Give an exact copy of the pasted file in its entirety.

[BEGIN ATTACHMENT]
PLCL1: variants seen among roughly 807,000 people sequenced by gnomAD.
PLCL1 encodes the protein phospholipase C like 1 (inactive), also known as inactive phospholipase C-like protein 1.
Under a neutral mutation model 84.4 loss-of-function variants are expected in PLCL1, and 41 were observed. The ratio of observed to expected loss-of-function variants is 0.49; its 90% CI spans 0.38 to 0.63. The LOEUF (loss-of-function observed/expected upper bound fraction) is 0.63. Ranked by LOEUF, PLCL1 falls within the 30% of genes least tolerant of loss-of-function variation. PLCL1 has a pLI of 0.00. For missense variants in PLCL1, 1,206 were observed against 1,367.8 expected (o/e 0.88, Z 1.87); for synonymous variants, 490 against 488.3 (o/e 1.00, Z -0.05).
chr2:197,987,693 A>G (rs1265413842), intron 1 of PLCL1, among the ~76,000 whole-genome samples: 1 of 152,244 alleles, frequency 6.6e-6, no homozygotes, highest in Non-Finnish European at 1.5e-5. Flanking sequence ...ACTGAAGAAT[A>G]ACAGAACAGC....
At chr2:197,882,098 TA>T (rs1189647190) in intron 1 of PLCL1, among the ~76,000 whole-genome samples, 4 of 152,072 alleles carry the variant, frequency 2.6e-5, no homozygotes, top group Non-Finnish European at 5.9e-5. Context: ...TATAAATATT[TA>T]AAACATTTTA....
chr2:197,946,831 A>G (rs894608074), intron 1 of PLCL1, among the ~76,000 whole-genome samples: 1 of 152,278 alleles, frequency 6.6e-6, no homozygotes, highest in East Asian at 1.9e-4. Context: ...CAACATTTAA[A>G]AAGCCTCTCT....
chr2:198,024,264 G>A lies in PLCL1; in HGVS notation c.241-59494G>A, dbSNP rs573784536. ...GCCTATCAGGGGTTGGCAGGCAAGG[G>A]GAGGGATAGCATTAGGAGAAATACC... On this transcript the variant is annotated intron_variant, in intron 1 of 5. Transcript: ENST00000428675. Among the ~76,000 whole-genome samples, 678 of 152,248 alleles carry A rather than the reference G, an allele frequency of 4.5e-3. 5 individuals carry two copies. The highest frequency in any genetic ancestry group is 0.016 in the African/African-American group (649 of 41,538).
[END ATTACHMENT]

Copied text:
PLCL1: variants seen among roughly 807,000 people sequenced by gnomAD.
PLCL1 encodes the protein phospholipase C like 1 (inactive), also known as inactive phospholipase C-like protein 1.
Under a neutral mutation model 84.4 loss-of-function variants are expected in PLCL1, and 41 were observed. The ratio of observed to expected loss-of-function variants is 0.49; its 90% CI spans 0.38 to 0.63. The LOEUF (loss-of-function observed/expected upper bound fraction) is 0.63. Ranked by LOEUF, PLCL1 falls within the 30% of genes least tolerant of loss-of-function variation. PLCL1 has a pLI of 0.00. For missense variants in PLCL1, 1,206 were observed against 1,367.8 expected (o/e 0.88, Z 1.87); for synonymous variants, 490 against 488.3 (o/e 1.00, Z -0.05).
chr2:197,987,693 A>G (rs1265413842), intron 1 of PLCL1, among the ~76,000 whole-genome samples: 1 of 152,244 alleles, frequency 6.6e-6, no homozygotes, highest in Non-Finnish European at 1.5e-5. Flanking sequence ...ACTGAAGAAT[A>G]ACAGAACAGC....
At chr2:197,882,098 TA>T (rs1189647190) in intron 1 of PLCL1, among the ~76,000 whole-genome samples, 4 of 152,072 alleles carry the variant, frequency 2.6e-5, no homozygotes, top group Non-Finnish European at 5.9e-5. Context: ...TATAAATATT[TA>T]AAACATTTTA....
chr2:197,946,831 A>G (rs894608074), intron 1 of PLCL1, among the ~76,000 whole-genome samples: 1 of 152,278 alleles, frequency 6.6e-6, no homozygotes, highest in East Asian at 1.9e-4. Context: ...CAACATTTAA[A>G]AAGCCTCTCT....
chr2:198,024,264 G>A lies in PLCL1; in HGVS notation c.241-59494G>A, dbSNP rs573784536. ...GCCTATCAGGGGTTGGCAGGCAAGG[G>A]GAGGGATAGCATTAGGAGAAATACC... On this transcript the variant is annotated intron_variant, in intron 1 of 5. Transcript: ENST00000428675. Among the ~76,000 whole-genome samples, 678 of 152,248 alleles carry A rather than the reference G, an allele frequency of 4.5e-3. 5 individuals carry two copies. The highest frequency in any genetic ancestry group is 0.016 in the African/African-American group (649 of 41,538).